3 Things You Need to Tell Your Divorce Attorney
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3 Things You Need to Tell Your Divorce Attorney
While it should go without saying that you should be honest with your own divorce attorney, the sad reality is a lot of clients lie. Embarrassment can cause even the smartest person to start attempting to sweep things under the rug.
Look, we already know you’re not perfect. We know your spouse is probably not a mustache-twirling bad guy. We know the situation is complex.
That’s why you hire us in the first place.
But we can’t do our best work if you don’t share the full picture with us, no matter how grim it might look.
1. Financial Realities.
Yes, we’re going to ask you for all the basic data like where you work, where your spouse works, and what kinds of assets and debts you’ve got going for you. But the paperwork doesn’t tell the whole story.
- If you never paid attention to the finances all your life because your spouse always handled that, and you have absolutely no idea what assets your spouse might know about that you don’t, we need to know that. We can help you make a list of assets to look for, including ones which are commonly overlooked.
- The fact that you’re getting a divorce because you were having an affair isn’t a huge deal. This is a no-fault state. But if you spent $3000 in marital funds to take your paramour on a romantic weekend at an expensive resort, then it’s better for you to tell us that up front so we can account for it as we build your strategy.
- Do not be tempted to avoid cluing us into assets you’re hoping to keep out of your spouse’s hands. We can come up with a strategy which could protect those assets, but only if they’re out in the open. If it’s revealed later you are hiding assets there will be consequences, and we won’t be able to shield you from them because you weren’t honest with us, either.
- If your spouse has no clue you ran up $6000 in credit card debt behind his or her back, they’re about to. And you should make sure we know, too, so we can mitigate the damage this bombshell could cause.
We understand that talking about money is extremely uncomfortable for a lot of people. But dividing assets is a fundamental part of the divorce process. So is, in many cases, making arrangements for one spouse to pay another some sort of spousal support sum. Any one of the examples we just named could have a significant impact on that part of the process.
2. Issues Which Could Impact Custody
If you have children then you already know parts of your life are going to come under scrutiny. While the judge is always going to favor trying to foster a relationship between the child and both parents, there are certainly ways you can damage your ability to become the parent your child lives with most of the time.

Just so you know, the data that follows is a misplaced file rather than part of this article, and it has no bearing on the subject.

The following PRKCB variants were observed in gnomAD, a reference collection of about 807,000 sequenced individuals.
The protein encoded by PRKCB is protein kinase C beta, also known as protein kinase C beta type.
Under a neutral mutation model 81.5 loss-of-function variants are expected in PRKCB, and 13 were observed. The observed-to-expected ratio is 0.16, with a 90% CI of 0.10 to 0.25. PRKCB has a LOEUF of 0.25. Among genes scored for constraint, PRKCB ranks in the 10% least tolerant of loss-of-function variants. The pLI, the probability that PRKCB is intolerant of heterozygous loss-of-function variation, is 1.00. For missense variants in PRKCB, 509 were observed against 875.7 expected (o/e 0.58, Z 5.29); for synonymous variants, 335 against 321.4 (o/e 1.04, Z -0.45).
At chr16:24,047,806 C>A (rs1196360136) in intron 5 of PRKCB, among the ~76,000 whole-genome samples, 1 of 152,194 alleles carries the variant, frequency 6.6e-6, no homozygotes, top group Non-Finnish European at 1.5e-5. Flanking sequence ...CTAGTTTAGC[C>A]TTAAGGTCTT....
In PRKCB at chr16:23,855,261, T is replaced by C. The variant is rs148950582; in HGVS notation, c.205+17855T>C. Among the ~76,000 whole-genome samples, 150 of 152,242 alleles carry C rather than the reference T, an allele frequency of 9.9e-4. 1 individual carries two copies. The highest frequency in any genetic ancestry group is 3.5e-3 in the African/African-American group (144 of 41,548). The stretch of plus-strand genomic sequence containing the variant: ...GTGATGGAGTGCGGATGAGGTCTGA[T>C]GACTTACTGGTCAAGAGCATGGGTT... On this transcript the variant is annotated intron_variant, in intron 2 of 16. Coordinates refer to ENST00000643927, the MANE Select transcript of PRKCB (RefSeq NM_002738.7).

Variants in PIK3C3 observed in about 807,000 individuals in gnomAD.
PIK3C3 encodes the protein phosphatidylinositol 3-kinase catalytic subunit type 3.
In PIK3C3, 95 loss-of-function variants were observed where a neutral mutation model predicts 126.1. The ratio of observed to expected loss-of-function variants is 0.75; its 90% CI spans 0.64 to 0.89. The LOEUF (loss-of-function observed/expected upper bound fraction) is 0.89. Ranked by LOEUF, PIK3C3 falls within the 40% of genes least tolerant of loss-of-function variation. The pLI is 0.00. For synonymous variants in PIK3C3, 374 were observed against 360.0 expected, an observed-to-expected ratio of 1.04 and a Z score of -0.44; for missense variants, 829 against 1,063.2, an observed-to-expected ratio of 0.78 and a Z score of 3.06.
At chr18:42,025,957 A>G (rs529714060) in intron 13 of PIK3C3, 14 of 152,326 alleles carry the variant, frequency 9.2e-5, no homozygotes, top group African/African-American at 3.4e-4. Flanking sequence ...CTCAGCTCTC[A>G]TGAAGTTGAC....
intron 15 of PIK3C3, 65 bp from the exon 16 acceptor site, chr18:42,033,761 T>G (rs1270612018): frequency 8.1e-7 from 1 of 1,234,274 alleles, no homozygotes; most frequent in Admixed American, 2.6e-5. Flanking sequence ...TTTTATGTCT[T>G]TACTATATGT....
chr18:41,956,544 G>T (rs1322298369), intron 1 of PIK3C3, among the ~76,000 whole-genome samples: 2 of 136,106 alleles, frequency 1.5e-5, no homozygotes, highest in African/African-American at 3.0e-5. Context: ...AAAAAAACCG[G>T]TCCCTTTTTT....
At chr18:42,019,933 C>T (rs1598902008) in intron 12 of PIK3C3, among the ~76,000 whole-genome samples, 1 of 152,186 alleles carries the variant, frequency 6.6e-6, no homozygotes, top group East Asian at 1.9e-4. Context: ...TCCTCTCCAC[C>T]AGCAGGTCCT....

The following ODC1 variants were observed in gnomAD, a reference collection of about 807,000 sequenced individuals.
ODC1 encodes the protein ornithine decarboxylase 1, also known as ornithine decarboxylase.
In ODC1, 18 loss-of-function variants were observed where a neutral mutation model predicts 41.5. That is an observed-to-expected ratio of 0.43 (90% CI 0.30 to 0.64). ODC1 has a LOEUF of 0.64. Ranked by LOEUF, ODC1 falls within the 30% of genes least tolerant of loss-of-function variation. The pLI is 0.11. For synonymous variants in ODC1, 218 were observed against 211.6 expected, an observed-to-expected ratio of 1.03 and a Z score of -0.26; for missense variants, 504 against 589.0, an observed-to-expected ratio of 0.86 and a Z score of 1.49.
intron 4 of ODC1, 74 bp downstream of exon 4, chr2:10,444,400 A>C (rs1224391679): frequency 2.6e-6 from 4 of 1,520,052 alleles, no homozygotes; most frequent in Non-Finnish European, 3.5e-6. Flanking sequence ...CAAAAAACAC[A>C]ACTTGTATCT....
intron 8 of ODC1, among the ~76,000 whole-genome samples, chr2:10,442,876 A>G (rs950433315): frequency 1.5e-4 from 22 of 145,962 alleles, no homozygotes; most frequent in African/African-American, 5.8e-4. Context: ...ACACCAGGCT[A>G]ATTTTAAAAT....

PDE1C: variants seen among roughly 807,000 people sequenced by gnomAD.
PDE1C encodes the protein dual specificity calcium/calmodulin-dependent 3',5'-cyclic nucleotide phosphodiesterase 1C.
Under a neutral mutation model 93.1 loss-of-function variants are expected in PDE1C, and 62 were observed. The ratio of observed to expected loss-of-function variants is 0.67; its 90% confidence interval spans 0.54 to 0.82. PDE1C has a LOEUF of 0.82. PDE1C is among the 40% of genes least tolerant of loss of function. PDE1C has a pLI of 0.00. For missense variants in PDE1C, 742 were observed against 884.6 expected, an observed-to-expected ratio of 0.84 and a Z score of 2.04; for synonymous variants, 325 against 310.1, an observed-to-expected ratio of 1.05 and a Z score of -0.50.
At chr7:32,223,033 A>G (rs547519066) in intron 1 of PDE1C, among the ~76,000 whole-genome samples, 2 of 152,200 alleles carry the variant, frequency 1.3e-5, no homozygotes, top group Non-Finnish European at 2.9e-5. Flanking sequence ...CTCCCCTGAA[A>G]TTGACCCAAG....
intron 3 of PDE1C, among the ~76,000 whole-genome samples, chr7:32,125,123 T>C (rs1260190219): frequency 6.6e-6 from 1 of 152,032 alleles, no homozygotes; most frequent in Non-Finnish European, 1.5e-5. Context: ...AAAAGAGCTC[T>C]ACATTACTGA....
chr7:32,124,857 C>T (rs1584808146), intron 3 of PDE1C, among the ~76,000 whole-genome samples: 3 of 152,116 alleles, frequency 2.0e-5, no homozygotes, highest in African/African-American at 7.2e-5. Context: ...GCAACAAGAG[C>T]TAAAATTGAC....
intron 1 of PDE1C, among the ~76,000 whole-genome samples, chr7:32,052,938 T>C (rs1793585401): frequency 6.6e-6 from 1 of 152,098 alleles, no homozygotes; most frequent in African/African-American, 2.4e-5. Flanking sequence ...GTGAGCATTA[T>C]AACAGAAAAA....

And some issues could cause a judge to award sole custody, leaving you with little more than a scant amount of supervised visitation time. So you definitely need to be up front with us about:
- Domestic violence incidents, either as the victim or the perpetrator. You should also be prepared to share police reports and hospital records.
- Mental health problems, especially if there were incidents or episodes in the past which could create a cause for concern. If you have medical records and prescriptions which indicate efforts to keep your mental health issue under control that’s generally a positive sign. Mental issues alone are not cause to lose custody, but will factor into the custody case. You do need to give us enough warning to ensure we know how to strategize around it.
- Do you have any history of drug use whatsoever? We need to know about it, even if you are not actively taking drugs right now. Again, a history of drug abuse doesn’t mean you automatically lose your case. It just means we need to account for it.
Of course, we also want to know about the positives! If you’re the one who gets your child to school, gets your child to his or her medical appointments, reads to your child at night, feeds that child and keeps the child’s clothing clean, make sure you tell us and bring any documentation you can produce to that effect. Clients sometimes forget to tell us good things just as often as they forget to tell us bad things.
3. Anything You May Have Done to Complicate the Case
Look, everyone makes mistakes, and unless you were the spouse serving the divorce papers you might have even made yours before you knew a divorce was coming. You might have also made mistakes after you knew, but before you did your research and got a lawyer.
Don’t panic. Just tell us if:
- You moved out of the family home prematurely.
- You lost your temper in a way that could be construed as violent or threatening, even if you’ve never done it before and nobody was hurt. For example, pushed to your limit you threw a dish at the wall and called your spouse a “bastard.” If a divorce weren’t imminent probably nobody would care, but because one is you can bet this is something which could come up in court, or even earlier, as it can help form the basis for Protective orders.
- You posted a rant on social media or posted pictures on social media which could be misinterpreted.
- If you did anything else which you fear could look bad, or impact your case.
We’re not here to judge you. We’re here to advocate for you. We know you’re under a lot of stress, and if you knew exactly what you needed to know, you wouldn’t need us.
Have you chosen your Philadelphia divorce attorney yet?
You can’t tell your attorney a thing, or prep for your case, if you haven’t chosen one yet.
Divorce is a complex legal matter. Even reading this list should give you real pause if you were thinking about trying to represent yourself in your divorce case. Contact the Law Offices of Sadek and Cooper for a free consultation. We’ll help you navigate this difficult time, and we’ll help you avoid making additional mistakes which could have an impact on your case.